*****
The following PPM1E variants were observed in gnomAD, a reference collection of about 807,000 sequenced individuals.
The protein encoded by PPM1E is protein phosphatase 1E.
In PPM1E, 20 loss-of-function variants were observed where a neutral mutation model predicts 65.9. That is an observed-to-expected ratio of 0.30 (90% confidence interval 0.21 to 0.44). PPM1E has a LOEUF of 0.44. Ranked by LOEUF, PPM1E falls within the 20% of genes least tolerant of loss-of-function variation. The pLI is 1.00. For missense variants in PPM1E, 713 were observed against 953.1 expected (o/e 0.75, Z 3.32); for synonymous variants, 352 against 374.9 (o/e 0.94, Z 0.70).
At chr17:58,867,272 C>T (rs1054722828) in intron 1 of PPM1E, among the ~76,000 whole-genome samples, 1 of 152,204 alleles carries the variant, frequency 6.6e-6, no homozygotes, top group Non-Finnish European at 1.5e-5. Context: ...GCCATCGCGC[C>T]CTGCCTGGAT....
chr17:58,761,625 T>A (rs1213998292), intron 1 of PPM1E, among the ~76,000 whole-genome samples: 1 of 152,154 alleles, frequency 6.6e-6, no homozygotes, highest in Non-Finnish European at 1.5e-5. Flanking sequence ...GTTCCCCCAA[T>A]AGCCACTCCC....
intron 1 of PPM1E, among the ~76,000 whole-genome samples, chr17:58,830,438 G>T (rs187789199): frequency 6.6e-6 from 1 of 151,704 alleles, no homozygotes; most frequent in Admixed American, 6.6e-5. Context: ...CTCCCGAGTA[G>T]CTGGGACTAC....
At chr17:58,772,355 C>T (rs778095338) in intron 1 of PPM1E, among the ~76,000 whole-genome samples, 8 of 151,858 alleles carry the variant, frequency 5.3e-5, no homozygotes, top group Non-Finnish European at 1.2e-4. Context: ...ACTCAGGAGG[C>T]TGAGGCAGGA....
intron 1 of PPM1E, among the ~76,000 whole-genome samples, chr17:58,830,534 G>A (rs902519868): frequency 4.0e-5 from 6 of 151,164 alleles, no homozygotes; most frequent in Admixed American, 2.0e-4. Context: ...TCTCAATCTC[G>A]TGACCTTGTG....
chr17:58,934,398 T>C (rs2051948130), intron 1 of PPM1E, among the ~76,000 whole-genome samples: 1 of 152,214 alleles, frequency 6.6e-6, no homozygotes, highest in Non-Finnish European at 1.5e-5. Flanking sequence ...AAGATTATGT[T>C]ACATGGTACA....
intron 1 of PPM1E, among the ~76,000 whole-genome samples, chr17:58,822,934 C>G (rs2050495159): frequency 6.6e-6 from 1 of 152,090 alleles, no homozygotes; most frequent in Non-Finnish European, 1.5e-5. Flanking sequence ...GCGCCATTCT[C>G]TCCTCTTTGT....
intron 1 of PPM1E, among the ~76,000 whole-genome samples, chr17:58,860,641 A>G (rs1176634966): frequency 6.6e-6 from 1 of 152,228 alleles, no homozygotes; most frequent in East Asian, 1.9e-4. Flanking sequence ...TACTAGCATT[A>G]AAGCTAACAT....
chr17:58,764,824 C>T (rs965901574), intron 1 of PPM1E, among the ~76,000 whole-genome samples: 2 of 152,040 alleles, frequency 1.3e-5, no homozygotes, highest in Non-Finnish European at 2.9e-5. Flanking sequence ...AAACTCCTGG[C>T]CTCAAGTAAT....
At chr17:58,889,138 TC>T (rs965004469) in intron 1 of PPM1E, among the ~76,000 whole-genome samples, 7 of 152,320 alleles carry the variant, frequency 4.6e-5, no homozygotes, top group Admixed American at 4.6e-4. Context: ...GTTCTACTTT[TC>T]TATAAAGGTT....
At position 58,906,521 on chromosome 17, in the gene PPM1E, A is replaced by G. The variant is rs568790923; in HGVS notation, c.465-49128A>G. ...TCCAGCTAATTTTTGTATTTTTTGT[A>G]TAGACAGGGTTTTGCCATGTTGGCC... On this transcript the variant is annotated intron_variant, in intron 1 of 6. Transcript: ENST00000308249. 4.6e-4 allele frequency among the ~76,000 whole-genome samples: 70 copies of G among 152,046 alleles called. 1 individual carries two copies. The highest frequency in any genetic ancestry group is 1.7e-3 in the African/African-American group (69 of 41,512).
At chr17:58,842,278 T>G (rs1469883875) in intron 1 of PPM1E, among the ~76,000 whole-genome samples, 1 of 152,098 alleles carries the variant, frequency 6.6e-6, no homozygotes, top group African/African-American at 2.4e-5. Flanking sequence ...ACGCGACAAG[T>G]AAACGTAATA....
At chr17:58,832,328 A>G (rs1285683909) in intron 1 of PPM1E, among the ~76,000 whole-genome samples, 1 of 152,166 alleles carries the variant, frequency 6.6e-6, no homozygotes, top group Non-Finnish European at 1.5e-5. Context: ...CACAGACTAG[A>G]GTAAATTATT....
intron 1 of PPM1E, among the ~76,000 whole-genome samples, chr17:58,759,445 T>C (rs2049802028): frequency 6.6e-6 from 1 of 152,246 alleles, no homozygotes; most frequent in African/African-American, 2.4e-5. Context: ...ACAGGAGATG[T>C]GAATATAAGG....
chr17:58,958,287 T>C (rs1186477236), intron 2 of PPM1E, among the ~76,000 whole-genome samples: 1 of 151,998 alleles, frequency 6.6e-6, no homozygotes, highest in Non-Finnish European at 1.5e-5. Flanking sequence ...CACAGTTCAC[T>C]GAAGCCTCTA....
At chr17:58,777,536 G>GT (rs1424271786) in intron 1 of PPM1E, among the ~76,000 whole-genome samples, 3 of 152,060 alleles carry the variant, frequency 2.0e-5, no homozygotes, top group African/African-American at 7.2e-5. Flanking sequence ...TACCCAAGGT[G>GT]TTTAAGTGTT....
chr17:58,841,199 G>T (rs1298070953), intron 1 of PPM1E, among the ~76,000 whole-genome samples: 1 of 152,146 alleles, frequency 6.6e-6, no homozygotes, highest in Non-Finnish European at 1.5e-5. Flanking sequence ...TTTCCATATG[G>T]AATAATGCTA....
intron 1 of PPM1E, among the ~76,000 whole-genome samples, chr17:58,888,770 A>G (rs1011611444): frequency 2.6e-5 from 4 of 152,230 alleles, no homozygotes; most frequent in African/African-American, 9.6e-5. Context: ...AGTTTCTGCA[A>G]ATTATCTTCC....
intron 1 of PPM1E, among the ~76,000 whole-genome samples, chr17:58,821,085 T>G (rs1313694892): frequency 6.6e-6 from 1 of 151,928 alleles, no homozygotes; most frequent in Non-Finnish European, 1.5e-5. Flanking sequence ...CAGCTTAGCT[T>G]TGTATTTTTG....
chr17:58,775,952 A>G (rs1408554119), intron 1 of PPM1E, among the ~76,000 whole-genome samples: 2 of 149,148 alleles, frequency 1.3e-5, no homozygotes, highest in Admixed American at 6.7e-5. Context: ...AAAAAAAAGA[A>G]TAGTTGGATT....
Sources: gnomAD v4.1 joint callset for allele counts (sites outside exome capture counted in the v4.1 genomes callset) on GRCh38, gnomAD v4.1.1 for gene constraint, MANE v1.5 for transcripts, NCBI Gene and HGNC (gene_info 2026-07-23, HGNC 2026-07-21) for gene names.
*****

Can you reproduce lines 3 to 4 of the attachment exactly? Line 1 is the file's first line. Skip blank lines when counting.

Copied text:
In PPM1E, 20 loss-of-function variants were observed where a neutral mutation model predicts 65.9. That is an observed-to-expected ratio of 0.30 (90% confidence interval 0.21 to 0.44). PPM1E has a LOEUF of 0.44. Ranked by LOEUF, PPM1E falls within the 20% of genes least tolerant of loss-of-function variation. The pLI is 1.00. For missense variants in PPM1E, 713 were observed against 953.1 expected (o/e 0.75, Z 3.32); for synonymous variants, 352 against 374.9 (o/e 0.94, Z 0.70).
At chr17:58,867,272 C>T (rs1054722828) in intron 1 of PPM1E, among the ~76,000 whole-genome samples, 1 of 152,204 alleles carries the variant, frequency 6.6e-6, no homozygotes, top group Non-Finnish European at 1.5e-5. Context: ...GCCATCGCGC[C>T]CTGCCTGGAT....